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    China Is Getting Strict on Role-Playing Murder Mystery Games

    Shanghai is taking the first step by planning to ban content that is likely obscene, violent, or have crime-related plots.

    Shanghai is planning to grant local authorities the power to supervise the content of role-playing murder mystery games that have been accused of promoting violent content among young audiences.

    In a draft guideline published last week to solicit public opinions, the city government seeks to regulate the scripts of the offline role-playing genre of jubensha, or “script murder,” barring content that has “obscenity, pornography, gambling, violence, and drug-related or criminal scenes.” The draft also called to ban scripts that promote cults or superstitions, which violates the state’s religious policies.

    China’s script murder industry has risen rapidly over recent decades, with consumers increasingly relying on the immersive game to break away from their monotonous work routines. The market is predicted to grow to 17 billion yuan ($2.6 billion) by the end of the year, according to consultancy iiMedia.

    However, the increasing horror and supernatural themes used in many games to attract customers have worried authorities. In September, the state-run Xinhua News Agency blamed the mysterious — and sometimes violent — content for potentially distorting reality for young players, calling for more regulations on this emerging entertainment sector.

    Industry insiders at leading companies specializing in script murder games have been wary of the growing scrutiny and started skirting problematic content as early as 2019, according to scriptwriter Luo Xu, who is also the dean of the school of science fiction at Taishan College of Science and Technology in the eastern Shandong province. She told Sixth Tone that the sector is going beyond crime themes and incorporating popular genres such as martial arts, science fiction, and even party-related scripts.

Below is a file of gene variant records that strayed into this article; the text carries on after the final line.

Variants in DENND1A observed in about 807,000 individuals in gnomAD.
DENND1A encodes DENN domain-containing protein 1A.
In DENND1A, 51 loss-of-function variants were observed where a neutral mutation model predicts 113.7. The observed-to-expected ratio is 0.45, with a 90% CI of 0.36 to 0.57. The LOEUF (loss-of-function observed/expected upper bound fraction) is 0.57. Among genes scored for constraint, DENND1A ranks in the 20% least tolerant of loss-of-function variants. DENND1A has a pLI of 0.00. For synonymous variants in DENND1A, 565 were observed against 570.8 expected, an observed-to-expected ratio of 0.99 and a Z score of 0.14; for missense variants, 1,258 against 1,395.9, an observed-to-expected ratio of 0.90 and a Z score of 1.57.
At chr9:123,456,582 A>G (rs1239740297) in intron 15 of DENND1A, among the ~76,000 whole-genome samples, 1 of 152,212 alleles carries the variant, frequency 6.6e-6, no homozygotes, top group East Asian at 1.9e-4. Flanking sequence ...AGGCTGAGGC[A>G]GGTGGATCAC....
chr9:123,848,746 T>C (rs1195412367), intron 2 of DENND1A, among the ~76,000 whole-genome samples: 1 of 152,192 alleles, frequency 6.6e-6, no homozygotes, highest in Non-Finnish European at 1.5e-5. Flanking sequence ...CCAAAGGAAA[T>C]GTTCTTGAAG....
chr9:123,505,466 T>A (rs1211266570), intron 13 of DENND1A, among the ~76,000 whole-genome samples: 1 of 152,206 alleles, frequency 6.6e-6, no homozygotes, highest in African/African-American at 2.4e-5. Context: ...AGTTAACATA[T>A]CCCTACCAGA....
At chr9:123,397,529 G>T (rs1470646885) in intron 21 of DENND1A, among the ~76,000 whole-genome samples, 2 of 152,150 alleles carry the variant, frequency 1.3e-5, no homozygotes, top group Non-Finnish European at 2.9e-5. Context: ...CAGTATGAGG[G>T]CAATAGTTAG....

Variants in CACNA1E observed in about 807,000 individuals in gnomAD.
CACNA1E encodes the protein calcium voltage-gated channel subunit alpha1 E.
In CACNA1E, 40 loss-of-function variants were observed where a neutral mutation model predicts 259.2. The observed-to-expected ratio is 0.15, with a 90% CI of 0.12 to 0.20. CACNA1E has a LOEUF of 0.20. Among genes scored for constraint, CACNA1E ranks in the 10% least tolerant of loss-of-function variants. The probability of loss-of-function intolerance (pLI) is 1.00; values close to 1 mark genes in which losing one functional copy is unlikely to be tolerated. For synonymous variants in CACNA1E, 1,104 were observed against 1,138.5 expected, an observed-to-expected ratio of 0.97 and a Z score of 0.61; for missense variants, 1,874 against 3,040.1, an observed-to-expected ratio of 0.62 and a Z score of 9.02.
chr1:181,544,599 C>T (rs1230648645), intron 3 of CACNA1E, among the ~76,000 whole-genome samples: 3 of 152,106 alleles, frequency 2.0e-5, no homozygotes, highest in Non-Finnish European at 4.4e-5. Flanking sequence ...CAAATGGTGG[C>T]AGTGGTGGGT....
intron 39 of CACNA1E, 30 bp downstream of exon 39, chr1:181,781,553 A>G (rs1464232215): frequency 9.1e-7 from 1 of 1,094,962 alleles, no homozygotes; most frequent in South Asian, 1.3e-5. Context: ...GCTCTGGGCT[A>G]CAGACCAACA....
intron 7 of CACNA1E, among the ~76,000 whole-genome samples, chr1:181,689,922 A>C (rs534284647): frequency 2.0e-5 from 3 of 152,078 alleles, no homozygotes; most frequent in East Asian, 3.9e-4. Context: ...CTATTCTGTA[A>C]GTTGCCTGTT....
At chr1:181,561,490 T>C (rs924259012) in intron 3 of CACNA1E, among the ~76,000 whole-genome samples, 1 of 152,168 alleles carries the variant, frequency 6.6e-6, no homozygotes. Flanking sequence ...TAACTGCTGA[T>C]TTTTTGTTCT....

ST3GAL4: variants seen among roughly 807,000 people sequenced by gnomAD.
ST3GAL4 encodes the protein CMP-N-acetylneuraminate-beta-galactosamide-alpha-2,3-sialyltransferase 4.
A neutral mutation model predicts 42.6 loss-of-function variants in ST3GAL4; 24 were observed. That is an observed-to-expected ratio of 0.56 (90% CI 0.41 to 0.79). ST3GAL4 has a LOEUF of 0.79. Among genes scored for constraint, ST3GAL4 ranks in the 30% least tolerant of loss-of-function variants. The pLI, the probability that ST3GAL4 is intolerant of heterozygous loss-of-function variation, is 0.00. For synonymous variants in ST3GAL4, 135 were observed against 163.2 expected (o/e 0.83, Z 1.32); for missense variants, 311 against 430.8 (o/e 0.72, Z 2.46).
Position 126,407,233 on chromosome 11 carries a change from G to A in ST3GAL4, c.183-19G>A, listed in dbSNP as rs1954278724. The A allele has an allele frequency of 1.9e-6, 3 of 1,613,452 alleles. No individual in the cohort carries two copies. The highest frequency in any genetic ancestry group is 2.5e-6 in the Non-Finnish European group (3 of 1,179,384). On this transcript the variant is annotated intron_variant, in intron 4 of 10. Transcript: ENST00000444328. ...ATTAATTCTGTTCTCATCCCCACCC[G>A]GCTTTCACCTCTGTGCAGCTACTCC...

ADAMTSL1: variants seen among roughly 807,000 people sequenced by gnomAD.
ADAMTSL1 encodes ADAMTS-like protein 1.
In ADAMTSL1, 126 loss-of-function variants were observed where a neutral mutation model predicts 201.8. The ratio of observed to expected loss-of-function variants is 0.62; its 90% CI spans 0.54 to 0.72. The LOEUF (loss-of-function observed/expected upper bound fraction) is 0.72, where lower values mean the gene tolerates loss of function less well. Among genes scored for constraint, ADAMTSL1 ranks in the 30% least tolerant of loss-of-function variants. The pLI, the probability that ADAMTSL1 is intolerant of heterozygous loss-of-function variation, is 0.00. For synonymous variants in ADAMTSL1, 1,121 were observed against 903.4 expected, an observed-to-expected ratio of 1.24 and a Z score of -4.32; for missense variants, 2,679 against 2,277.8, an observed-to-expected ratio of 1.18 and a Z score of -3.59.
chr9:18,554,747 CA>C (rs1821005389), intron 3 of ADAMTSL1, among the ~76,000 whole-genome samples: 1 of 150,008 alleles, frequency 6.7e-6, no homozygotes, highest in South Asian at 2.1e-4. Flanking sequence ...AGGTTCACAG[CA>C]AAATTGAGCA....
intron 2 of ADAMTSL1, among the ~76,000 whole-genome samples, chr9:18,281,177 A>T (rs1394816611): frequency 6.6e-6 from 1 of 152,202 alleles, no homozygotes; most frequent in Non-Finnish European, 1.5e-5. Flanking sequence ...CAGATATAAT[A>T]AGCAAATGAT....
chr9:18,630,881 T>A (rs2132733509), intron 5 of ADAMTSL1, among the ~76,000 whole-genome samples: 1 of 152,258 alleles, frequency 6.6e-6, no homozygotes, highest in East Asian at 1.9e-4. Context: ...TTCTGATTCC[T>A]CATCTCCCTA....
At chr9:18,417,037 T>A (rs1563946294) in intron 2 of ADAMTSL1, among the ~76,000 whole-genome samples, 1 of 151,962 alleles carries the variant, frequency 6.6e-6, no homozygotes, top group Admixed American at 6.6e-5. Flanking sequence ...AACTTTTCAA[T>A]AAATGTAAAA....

“Script murder players were once a niche group who liked using deduction to solve murders, so the immersive atmosphere of mystery and horror is part of this subculture,” Luo said. “But if the industry wants to grow, some non-compliant content must be removed. More importantly, it has to cater to mass taste … the game should be the main attraction, rather than stimulating plots.”

    Shanghai, which accommodates around 1,500 venues that host script murder games, has taken the lead in responding to the concerns with its draft guideline against the genre. Currently, it’s unclear if the city would impose a total ban on horror and superstitious content, but half a dozen industry insiders told Sixth Tone that such prohibitions would wipe out one-third of the consumers.

    “It’s time for the industry leaders to work more actively with the government to reach agreement on reasonable supervising rules,” Meng Yuyang, the CEO of a Shanghai-based script murder game company, told Sixth Tone.

    Editor: Bibek Bhandari.

    (Header image: From @来咖智库 on Zhihu)